Speakers discuss clinical manifestations and outcome, protocols regarding patient care including diagnosis and management

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Teaching Session about EBOLA VIRUS DISEASE at JPMC

Speakers discuss clinical manifestations
and outcome, protocols regarding patient
care including diagnosis and management

Prof. Tasnim Ahsan highlights ethical issues related
to health care workers safety and patient care

KARACHI: Panic has ensued by the impending threat of the Ebola virus disease. Karachi is vulnerable because it has both an International airport as well as sea port. This epidemic has the potential to transform into a frightening pandemic, as nearly 5000 people are dead by now in the West African countries. Ebola is highly contagious that spreads through contact with bodily fluids — blood, vomit, feces, saliva and semen of those infected. The infection manifests with flu like symptoms beginning with fever and headache, sore throat and muscle pain, followed by diarrhea, vomiting, abdominal pain and then progressing to kidney failure, liver failure and bleeding tendencies. Following initial exposure, it may take from 2-21 days for the symptoms to appear. Currently no drug or vaccine is available to eradicate the disease. There is also no facility to test for this virus in Pakistan.

A teaching session, for updating all categories of staff, was held at the Najmuddin Auditorium of JPMC, on October 28th 2014. It was attended by the Heads of all departments, faculty members, junior doctors, students, nursing and paramedical staff.

The program was chaired by the Executive Director JPMC, Prof. Tasnim Ahsan, who briefly introduced the growing burden of the current Ebola outbreak. She apprised the audience of the steps that have been taken by the administration to deal with this situation especially in view of the spate of CCHF patients received in the hospital. She also reminded the staff about the ethical issues, in terms of health care workers safety and patient care. She emphasized that the key to safety for the health care personnel lies in consistent and rigorous application of the protocols that are being put in place.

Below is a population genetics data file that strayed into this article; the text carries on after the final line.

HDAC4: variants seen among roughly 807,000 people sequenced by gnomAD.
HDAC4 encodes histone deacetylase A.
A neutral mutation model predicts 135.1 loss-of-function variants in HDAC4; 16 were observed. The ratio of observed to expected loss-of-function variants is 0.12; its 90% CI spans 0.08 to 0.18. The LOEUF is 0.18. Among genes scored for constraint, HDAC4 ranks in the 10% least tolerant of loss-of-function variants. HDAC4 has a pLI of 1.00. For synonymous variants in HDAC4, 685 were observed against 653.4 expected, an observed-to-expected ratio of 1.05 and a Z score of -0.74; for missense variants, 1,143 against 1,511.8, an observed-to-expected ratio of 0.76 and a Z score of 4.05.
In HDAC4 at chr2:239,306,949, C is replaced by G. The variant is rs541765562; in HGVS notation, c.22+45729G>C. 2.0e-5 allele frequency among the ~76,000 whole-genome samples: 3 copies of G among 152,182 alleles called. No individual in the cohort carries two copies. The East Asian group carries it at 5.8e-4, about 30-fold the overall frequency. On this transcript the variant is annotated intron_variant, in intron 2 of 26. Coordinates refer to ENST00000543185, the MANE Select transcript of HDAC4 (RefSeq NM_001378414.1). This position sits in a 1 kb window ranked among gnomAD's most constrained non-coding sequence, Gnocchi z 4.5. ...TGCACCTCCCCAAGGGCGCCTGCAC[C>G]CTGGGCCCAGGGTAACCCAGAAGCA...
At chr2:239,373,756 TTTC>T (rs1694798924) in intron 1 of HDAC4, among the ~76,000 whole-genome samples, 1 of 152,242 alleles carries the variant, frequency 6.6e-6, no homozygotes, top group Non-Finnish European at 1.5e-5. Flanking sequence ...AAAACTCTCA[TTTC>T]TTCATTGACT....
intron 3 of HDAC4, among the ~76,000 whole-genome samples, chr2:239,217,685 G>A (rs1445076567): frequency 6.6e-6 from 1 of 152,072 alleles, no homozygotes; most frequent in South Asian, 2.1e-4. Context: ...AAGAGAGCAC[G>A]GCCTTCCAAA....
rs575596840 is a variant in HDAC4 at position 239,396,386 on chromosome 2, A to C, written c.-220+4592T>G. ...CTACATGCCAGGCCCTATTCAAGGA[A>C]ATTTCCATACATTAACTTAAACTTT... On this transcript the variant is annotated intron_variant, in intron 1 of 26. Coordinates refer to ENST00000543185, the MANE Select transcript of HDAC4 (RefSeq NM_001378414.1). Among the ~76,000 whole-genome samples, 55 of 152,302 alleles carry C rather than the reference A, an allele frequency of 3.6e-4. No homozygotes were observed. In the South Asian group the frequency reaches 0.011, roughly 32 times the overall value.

A comprehensive one hour lecture was delivered by Dr. Uzma Erum, from the Medicine department, on the Ebola Virus disease. A clear and accurate guidance on the current disease burden, its clinical manifestations and outcome, protocols and procedures pertaining to all aspects of patient care, including diagnosis, management, sampling technique, transportation and waste disposal, burial technique of the deceased and self protection were addressed. The protocol of donning and removing Personal Protective Equipment, in handling these patients was demonstrated. The lecture was followed by an open discussion session.
The hospital administration acknowledged that, it would not be easy to treat Ebola cases owing to a number of reasons, it is nevertheless possible to do so if we deploy and improvise on existing resources. We cannot afford to be complacent about Ebola as well as other viral haemorrhagic fevers, like CCHF. Even one case slipping through, can have horrific consequences. So the first management step lies in disease prevention.

The discussion panel focused on implementation of immediate practical steps. It was concluded that there should be mandatory temperature screening at international airports, of individuals arriving from endemic regions and designation of specific hospitals with appropriately equipped well-trained staff, co-ordinated by a central authority. Specific triage area for the suspected patients has been identified at JPMC. However, the hospital does not have any quarantine facility. Effective care of the patients will require co-ordination between difference government agencies and the hospitals. Also the medical as well as social media should be used to raise awareness about the risks of Ebola infection among the general public, and importantly not to create panic.

Though the containment measures sound simple, they need a solemn coordination, resources, planning, practice, and most importantly a constant vigil. These measures are not intrinsic, we must harness it. (PR)

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